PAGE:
Brough sums it up nicely, “We need to overcome our unhealthy judgments of gender incongruence. And men need to be confident in their self-identity and decide to live a sustainable lifestyle without caring what other people think.” Let’s begin the conversation to start overriding our natural judgments. Our future depends on it.

Interview with Dr. Aaron Brough of Utah State University

All research and insights are from Dr. Aaron Brough and team’s paper

I am a Strategy Director and Founder of The We Age. The We Age hosts conversations and workshops focused on becoming limitless in work & in life, individually & …


Mark Steyn reacts to study:

Via Daily Caller:

In an interview with Tucker Carlson, Steyn discussed a new study from Dr. Aaron Brough of Utah State University that concluded that behavior attempting to reverse climate change is a mostly feminine trait, and that men don’t engage in such behaviors as often because of some responsibility to their sense of self.

“Well, I confess I was at first skeptical,” Steyn said. “If I understand this thesis, my insecurities about my masculinity are causing rising sea levels in the Maldives. And at first I didn’t really buy that, but as I think about it, I think in fact it’s actually one of the least visible climate science thesis of recent years. I’m kind of on board with where they are going on this.” (RELATED: Not Enough Dems Showed Up At This Climate Hearing So Republicans Pulled This Power Move)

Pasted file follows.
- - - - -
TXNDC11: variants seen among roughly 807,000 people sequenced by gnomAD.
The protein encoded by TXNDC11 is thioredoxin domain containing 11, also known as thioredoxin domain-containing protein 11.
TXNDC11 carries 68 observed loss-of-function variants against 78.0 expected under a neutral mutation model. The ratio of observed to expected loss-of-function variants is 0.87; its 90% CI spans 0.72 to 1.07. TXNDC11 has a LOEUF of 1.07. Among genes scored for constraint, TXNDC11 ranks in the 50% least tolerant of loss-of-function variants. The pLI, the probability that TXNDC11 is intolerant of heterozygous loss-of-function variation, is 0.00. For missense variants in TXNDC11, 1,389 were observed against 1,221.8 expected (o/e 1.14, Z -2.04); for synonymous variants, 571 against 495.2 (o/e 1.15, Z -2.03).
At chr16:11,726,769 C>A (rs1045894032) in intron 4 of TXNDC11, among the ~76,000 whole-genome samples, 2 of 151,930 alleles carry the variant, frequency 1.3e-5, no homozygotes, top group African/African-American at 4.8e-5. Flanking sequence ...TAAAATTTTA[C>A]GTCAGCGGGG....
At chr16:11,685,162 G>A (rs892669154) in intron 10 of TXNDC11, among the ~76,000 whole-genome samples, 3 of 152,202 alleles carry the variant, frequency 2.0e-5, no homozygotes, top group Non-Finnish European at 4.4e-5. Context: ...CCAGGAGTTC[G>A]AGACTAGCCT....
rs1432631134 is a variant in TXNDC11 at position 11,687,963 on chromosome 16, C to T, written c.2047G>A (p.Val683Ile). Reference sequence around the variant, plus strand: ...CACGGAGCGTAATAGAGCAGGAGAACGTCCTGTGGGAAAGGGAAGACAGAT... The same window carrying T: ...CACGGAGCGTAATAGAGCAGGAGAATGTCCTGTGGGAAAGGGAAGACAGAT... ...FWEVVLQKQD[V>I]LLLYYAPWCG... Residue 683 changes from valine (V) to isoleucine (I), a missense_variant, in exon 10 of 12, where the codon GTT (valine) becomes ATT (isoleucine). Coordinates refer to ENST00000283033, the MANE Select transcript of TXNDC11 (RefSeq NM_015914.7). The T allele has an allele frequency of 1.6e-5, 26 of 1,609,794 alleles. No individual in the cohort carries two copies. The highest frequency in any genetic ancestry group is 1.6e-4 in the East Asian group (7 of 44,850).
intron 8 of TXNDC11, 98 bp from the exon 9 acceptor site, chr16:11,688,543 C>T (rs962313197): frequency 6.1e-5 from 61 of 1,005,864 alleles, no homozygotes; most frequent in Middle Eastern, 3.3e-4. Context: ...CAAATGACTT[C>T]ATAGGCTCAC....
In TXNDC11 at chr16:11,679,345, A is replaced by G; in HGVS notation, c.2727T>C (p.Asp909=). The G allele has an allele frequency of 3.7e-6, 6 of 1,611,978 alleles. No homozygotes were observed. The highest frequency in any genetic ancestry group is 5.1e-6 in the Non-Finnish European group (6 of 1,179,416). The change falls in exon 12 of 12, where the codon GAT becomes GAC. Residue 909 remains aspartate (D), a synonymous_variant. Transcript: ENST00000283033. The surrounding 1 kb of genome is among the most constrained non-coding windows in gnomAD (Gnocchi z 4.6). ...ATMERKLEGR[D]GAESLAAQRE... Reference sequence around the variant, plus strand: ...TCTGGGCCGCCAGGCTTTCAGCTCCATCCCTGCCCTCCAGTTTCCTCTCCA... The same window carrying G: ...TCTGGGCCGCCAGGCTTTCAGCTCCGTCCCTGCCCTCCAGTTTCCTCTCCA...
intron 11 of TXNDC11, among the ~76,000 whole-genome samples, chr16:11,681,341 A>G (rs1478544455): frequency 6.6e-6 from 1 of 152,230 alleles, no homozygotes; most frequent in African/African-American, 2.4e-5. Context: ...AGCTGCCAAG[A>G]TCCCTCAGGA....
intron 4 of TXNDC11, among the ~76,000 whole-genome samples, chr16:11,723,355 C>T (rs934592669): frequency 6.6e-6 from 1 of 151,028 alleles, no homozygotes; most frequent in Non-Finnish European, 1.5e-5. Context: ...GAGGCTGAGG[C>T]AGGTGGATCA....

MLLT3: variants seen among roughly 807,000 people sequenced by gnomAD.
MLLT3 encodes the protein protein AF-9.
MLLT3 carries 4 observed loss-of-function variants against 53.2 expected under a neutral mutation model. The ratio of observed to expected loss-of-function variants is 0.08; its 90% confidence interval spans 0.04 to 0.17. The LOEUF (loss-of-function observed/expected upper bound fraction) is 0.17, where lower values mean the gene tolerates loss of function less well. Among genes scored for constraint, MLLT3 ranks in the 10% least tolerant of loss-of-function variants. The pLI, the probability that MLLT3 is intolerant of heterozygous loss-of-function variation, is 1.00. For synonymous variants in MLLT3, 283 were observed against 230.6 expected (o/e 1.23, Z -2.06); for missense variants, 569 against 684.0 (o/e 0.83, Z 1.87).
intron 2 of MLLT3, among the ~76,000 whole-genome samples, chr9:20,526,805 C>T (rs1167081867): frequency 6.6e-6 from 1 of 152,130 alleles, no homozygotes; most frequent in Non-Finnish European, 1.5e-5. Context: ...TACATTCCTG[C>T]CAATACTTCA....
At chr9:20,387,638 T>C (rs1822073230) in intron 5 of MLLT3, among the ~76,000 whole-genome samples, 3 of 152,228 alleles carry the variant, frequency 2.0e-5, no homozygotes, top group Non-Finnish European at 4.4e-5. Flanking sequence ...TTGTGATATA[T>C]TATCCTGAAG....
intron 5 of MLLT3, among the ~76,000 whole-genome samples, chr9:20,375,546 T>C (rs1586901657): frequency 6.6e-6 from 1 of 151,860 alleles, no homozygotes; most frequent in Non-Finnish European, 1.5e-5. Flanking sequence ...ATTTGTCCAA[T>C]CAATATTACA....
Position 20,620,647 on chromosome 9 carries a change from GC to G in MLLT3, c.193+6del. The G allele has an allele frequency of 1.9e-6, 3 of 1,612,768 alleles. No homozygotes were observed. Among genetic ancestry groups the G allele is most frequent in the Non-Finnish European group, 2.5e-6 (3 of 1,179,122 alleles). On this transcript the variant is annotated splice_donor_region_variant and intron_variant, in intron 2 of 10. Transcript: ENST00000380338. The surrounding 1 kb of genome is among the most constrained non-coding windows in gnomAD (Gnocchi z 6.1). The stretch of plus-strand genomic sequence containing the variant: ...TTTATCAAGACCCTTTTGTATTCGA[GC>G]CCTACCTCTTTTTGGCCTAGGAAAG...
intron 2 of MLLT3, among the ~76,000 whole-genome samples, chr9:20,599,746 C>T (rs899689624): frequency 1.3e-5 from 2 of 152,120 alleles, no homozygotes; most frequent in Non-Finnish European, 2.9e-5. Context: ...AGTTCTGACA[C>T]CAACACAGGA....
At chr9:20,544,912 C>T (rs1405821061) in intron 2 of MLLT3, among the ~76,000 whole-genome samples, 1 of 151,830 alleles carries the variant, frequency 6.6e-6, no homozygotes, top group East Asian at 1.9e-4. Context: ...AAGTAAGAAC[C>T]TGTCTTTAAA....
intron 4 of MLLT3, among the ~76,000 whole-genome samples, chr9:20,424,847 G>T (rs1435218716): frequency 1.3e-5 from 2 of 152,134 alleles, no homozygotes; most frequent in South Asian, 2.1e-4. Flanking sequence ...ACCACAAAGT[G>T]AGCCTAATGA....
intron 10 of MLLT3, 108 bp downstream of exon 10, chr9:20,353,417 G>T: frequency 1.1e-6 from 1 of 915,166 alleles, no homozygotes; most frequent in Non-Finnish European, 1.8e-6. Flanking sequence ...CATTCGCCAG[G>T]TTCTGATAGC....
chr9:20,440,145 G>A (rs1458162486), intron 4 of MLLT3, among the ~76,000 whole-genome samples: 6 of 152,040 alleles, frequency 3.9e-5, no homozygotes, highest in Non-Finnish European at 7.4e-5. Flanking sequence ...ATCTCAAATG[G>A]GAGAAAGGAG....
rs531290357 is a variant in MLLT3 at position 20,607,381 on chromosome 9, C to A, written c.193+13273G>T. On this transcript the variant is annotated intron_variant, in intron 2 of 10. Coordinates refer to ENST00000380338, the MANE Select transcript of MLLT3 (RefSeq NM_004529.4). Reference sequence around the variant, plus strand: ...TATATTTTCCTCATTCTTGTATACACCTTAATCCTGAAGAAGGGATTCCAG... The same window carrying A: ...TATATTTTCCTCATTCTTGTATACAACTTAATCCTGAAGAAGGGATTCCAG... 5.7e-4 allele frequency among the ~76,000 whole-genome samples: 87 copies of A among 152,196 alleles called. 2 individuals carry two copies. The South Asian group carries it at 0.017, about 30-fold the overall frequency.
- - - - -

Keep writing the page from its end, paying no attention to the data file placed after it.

“I think, in fact, it’s very difficult to tell, with social science as with climate science, whether or not it’s an ingenious parody,” Steyn continued. “It’s almost impossible to tell, in fact, I think this goes back to, — I think the important point here is toxic masculinity. They are saying that they did a survey here. This is the kind of hardcore science behind it in which they gave someone a Walmart gift card and it was pink and had lots of flowery printed on it, looked a bit girlie and sissy and milquetoast pantywaist.”

“The guy giving this gift card went out and bought very macho masculine things that melt the polar ice caps. If you give him something, he is so impressionable—this toxic masculine male—if you give him a masculine-type card, he thinks, ‘Oh, that’s really nice,’ and he goes out and buys a Sierra Club tote bag and saves the planet. This is the kind of social science that the higher education institutions of America are spending a fortune investigating.”